Montana Public Radio

Can Do: Essential Business Lessons

  • Hosted by Arnie Sherman

Can Do, MTPR's podcast on business and entrepreneurship hosted by Arnie Sherman is in its fourth season, and we’re expanding. This season will feature the same informative interviews and the lessons Montana business owners and entrepreneurs have to share. But times are changing. There’s a major election in November and the COVID-19 pandemic continues to change how business is done.

The main focus this season is on the here & now. How does a business survive in today’s volatile economy? How can you transition your business or start a new one? What can you do to make sure your finances are in order? We’ll be asking these questions to business experts in Montana and around the country.

Listen to Can Do at www.mtpr.org or wherever you get your podcasts. New episodes are published every other Monday.

Ways to Connect

Dr. Michael Braun
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For more than a year, all types of territorial borders have been shut down due to the COVID-19 Pandemic. International trade and commerce have been throttled, and industry experts predict that business travel will never return to pre-pandemic levels. Global business has long been reliant on building personal relationships; relationships that now must be cultivated and maintained digitally.

Ben Morris discovered the utility of three-wheeled cargo trikes, or pedicabs, during a stint in San Diego. After finishing his business degree at Northeastern University in 2005, he secured a small loan, bought five pedicabs, and launched Coaster Cycles. Soon, Ben had expanded beyond Boston to other cities, and he'd begun to incorporate outdoor advertising into his bike fleet.

Megan Harrington
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The ninth of 11 children, Megan Harrington grew up understanding the value of competition and how to tell a great story. In the third grade, Megan wrote a poem that included the prophetic line: “When I grow up, I want to be a Lady Griz basketball player at the University of Montana.”

Megan did attend the University of Montana to attain a communications degree, an MBA, and play for the Lady Griz. As a Lady Griz, Megan played for legendary head coach, Robin Selvig.

Montana isn't all cattle herds and fields of waving grain. This sprawling state is also full of food deserts — places without many affordable, healthy food options. The lack of access to healthy food for residents of many of the state's Indian reservations contributes to some horrible demographic statistics. The life expectancy for Native American women is 62, a full 20 years less than for non-Native women. For Montana's Native American men, it's 56. One 27-year-old woman of Blackfeet and Cherokee heritage is on a mission to improve Native people's lives through healthy diet and a return of indigenous food systems.

The agriculture landscape has changed dramatically due to the COVID-19 Pandemic. Concerns about food security, health and safety measures, and product availability have continued to evolve. A dramatic shift to online purchasing has challenged the traditional standard of consumers personally selecting products.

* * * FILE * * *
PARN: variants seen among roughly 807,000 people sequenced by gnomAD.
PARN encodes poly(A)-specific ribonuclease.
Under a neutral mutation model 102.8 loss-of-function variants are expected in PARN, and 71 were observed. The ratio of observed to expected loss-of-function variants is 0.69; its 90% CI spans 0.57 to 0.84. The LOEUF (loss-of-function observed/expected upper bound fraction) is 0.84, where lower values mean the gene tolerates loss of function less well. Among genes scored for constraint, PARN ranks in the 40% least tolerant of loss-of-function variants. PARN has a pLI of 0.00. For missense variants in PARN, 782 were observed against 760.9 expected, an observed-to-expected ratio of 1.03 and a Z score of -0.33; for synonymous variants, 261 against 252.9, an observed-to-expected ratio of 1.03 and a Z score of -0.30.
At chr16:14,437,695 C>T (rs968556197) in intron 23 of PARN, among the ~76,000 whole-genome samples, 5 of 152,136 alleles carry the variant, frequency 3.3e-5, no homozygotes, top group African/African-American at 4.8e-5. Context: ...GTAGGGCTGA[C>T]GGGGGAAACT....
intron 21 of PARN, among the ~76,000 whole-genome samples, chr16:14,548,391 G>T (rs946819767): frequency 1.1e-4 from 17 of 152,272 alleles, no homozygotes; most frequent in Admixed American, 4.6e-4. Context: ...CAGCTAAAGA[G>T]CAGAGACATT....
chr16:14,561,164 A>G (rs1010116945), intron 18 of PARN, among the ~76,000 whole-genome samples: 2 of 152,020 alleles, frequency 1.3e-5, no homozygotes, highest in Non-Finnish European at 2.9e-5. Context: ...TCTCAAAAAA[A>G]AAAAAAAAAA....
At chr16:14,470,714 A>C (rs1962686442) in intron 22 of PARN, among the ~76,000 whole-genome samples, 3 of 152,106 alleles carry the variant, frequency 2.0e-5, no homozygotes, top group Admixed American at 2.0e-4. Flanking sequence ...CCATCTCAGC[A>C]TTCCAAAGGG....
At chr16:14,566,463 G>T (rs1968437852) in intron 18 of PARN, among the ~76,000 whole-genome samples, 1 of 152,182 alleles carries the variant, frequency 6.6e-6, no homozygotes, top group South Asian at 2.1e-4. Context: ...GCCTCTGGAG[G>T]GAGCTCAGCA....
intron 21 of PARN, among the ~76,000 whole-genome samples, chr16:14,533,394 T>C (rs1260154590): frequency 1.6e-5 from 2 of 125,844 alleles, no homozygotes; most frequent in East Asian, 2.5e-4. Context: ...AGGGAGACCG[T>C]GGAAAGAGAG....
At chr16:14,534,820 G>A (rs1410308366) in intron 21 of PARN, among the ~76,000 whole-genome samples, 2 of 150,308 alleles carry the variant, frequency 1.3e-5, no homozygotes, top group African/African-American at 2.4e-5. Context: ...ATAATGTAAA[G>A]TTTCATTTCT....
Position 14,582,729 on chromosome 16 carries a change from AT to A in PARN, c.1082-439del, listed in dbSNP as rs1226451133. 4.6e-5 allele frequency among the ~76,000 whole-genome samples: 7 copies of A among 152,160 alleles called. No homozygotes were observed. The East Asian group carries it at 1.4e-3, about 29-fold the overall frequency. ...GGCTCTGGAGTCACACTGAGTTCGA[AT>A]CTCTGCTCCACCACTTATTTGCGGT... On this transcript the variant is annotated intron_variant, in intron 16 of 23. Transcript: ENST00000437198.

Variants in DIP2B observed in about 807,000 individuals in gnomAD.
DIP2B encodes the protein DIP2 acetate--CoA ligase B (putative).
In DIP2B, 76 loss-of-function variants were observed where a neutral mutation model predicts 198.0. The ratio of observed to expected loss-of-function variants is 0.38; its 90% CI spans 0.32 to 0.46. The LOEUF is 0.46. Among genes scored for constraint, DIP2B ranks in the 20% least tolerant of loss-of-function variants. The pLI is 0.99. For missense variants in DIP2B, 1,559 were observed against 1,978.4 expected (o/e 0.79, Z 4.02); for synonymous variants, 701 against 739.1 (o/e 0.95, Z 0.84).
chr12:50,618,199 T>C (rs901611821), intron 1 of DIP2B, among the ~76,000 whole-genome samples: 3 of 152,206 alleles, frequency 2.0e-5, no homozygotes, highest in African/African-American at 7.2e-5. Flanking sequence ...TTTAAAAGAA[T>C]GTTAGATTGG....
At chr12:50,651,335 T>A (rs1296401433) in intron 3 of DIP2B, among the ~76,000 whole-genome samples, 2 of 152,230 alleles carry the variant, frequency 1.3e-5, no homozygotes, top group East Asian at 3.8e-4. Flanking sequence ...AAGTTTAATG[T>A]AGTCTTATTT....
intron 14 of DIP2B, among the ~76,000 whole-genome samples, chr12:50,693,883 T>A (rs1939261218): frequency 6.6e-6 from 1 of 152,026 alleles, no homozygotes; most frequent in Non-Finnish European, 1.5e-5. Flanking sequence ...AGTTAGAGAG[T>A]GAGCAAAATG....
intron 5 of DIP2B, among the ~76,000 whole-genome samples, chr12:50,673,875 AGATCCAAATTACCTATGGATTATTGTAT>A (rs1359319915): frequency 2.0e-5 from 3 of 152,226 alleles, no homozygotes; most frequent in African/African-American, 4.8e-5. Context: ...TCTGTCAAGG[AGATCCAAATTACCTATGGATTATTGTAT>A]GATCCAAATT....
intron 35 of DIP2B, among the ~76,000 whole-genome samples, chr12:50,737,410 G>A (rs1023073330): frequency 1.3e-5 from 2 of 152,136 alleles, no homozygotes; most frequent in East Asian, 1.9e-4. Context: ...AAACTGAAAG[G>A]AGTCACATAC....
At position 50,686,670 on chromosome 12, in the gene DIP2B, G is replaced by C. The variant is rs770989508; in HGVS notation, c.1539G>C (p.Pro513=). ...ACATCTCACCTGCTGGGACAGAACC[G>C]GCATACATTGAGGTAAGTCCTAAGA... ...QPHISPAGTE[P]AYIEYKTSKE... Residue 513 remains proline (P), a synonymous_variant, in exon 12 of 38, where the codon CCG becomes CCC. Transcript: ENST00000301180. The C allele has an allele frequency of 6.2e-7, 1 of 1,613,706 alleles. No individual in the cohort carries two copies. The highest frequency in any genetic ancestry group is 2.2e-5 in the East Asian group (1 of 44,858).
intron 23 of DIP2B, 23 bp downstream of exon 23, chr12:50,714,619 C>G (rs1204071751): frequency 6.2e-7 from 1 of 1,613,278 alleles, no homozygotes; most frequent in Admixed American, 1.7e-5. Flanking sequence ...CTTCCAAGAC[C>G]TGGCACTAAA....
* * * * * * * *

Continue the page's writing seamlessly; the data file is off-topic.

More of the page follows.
Today on Can Do we will discuss these trends and their effects on two family-run Montana businesses.

Chris Walch is COO of LifeScore music
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While LifeScore COO Chris Walch is based in Bozeman, Montana, LifeScore is a fully remote company that produces its music at the iconic Abbey Roads Studio in London. LifeScore creates unique, real-time, and interactive music experiences with their adaptive AI music platforms. They start with world-class composers and musicians composing and performing sound that is organized as composable building blocks. Their proprietary technology then weaves these materials into music that suits a purpose, helping the listener have a completely unique experience.

The outdoor recreation economy is the second largest sector of Montana’s economy, generating $7.1B in annual consumer spending. 71,000 Montanans are employed in the sector, making its performance essential to the state’s full economic recovery. 

What has been the impact of COVID-19 on outdoor recreation and tourism? What response within the industry has been successful? What does 2021 look like for this essential part of the Montana economy? Learn more now on Can Do.

As the COVID-19 pandemic continues to ravage our country and vaccine relief is slow in coming, sound advice is as good as gold. Montana businesses experienced an exhausting 2020, and the new year promises to be just as unpredictable. Joining me today are two guests experiencing the economic impact from two very different perspectives.

The American restaurant industry is in freefall. As a result of the COVID-19 pandemic, over 110,000 restaurants have closed nationwide. That’s one out of every six, and there are likely more to come. Those restaurants that remain open are struggling with financial sustainability, as they face an industry-wide loss of $240 billion in sales for 2020. Listen now on Can Do as we will explore this subject with two industry pros in two very different positions.

According to the National Federation of Independent Businesses, more than 100,000 American businesses that have closed due to the COVID-19 pandemic will never reopen. What about the millions of family-run companies? Is their plight as sobering? The situation is less clear for this sector, which accounts for more than 57 percent of the US GNP. 

What are the biggest challenges facing family business? What pitfalls and opportunities are unique to them? And how do family businesses weather the storm of the pandemic? Learn more now on Can Do.

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